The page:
October 14, 2011

Odd Turns For Mansour Arbabsiar

More unusual details surrounding the case of Mansour Arbabsiar. Doesn’t sound like the type that a Quds cell, sanctioned or rogue, would resort to, although the possibility of a sleeper cannot be ruled out - yet. From The New York Times:

His nickname was Scarface, the legacy of a brutal knife attack on a dark Houston street three decades ago that left his left cheek permanently marred. Friends and neighbors in Texas said that he could be gruff and intimidating, and that he often stood outside his house at night smoking and talking on his cellphone in a language they did not understand.

But Mansour J. Arbabsiar, 56, the man at the center of an alleged Iranian plot to kill a Saudi diplomat in Washington, seems to have been more a stumbling opportunist than a calculating killer. Over the 30-odd years he lived in Texas, he left a string of failed businesses and angry creditors in his wake, and an embittered ex-wife who sought a protective order against him. He was perennially disheveled, friends and acquaintances said, and hopelessly disorganized.

Mr. Arbabsiar, now in custody in New York, stands accused by federal prosecutors of running a global terrorist plot that stretched from Mexico to Tehran, and that was directed by the Quds Force of Iran’s Revolutionary Guards. Many of his old friends and associates in Texas seemed stunned at the news, not merely because he was not a zealot, but because he seemed too incompetent to pull it off.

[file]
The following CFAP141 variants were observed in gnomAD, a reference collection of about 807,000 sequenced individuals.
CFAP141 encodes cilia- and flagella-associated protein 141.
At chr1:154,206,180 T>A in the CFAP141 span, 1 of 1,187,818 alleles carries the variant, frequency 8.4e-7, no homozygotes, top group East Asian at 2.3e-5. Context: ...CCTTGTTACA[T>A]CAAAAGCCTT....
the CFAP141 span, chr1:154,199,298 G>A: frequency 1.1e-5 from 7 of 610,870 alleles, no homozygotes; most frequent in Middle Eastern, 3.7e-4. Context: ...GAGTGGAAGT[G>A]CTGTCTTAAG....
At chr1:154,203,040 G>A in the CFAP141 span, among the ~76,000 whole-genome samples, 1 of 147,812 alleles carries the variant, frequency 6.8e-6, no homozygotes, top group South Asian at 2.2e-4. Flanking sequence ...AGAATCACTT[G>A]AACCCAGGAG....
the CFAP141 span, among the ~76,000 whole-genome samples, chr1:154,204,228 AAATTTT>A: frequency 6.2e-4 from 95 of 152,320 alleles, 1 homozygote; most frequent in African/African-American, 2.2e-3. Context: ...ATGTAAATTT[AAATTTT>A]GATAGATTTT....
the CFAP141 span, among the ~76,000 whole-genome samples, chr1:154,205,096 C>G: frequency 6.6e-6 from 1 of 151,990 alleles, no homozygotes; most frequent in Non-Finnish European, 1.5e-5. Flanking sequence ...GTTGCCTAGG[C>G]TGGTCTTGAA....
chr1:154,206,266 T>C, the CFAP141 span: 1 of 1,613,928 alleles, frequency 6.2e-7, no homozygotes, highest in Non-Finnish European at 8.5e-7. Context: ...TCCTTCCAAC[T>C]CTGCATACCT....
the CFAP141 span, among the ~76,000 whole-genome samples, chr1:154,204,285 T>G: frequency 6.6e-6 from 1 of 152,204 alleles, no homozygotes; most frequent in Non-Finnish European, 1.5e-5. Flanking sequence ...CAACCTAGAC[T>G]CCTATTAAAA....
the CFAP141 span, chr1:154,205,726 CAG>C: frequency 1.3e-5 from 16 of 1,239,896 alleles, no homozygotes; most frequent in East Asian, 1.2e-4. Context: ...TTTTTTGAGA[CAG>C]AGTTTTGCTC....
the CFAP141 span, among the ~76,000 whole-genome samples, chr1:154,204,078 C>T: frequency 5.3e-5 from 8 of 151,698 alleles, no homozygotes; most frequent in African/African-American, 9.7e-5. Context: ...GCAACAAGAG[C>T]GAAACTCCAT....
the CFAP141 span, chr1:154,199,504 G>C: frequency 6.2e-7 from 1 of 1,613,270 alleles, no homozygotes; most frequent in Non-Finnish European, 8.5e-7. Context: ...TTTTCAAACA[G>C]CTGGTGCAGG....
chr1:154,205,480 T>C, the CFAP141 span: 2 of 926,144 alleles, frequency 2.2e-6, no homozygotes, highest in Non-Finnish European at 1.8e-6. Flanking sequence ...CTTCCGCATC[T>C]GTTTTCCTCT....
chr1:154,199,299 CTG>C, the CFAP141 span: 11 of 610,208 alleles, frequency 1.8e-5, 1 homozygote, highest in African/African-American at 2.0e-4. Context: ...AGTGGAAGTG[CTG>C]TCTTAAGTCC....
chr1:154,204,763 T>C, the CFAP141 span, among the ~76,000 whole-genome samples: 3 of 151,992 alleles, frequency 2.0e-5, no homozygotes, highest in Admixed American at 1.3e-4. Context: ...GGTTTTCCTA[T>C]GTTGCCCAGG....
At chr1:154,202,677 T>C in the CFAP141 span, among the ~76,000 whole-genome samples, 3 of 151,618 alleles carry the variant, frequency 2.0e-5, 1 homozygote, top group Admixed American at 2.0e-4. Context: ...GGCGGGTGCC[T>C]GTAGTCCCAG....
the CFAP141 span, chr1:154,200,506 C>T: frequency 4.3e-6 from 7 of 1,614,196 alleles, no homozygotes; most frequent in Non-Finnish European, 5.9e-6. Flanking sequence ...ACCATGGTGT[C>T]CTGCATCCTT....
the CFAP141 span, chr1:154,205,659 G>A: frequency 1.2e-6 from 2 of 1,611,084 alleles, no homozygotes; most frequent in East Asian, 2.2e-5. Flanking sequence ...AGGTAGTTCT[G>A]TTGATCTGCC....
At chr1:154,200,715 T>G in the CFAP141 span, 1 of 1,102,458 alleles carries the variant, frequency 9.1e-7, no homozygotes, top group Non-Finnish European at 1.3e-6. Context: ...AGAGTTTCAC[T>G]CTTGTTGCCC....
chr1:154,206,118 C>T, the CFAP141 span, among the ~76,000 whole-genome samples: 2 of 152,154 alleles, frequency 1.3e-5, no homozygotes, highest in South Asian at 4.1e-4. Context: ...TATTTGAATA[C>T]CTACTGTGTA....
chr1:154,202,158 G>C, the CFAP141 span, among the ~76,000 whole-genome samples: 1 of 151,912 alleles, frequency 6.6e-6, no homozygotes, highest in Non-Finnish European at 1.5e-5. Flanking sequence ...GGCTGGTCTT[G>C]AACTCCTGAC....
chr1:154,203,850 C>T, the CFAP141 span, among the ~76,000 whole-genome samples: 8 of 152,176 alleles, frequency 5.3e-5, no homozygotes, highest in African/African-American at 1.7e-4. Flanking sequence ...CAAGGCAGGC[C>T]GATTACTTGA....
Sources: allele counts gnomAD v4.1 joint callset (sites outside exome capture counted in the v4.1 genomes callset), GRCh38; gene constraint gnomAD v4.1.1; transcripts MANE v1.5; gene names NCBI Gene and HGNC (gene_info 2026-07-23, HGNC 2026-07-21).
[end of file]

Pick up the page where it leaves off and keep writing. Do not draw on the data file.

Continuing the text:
“His socks would not match,” said Tom Hosseini, a former college roommate and friend. “He was always losing his keys and his cellphone. He was not capable of carrying out this plan.”

On Wednesday, American officials, who say the plot was endorsed by top Iranian authorities, were exploring why the sophisticated Quds Force might have chosen to rely on so amateurish an agent as Mr. Arbabsiar.

Sometime in the past two years, Mr. Arbabsiar, whose friends called him Jack, began spending time in his native Iran, and investigators say he formed a relationship with members of the Quds Force. But Mr. Hosseini, who last saw his old roommate about two months ago, said Mr. Arbabsiar appeared to be chasing money, not political intrigue.

“He said he’d been in Iran and was making good money,” Mr. Hosseini said.

The federal complaint against Mr. Arbabsiar did not say how much money he stood to be paid by the Iranians, who are accused of asking him to pay $1.5 million to a Mexican drug cartel to assassinate the Saudi ambassador to the United States. That money was involved was not a surprise to Mr. Arbabsiar’s old friends, who said he had no interest in religion or politics, and smoked marijuana and drank alcohol freely.

“He was no radical,” said Mitchell Hamauei, who owns a deli in Corpus Christi, Tex., where Mr. Arbabsiar ran a used-car lot for years. “He was a businessman, and people with money always want to make more money.”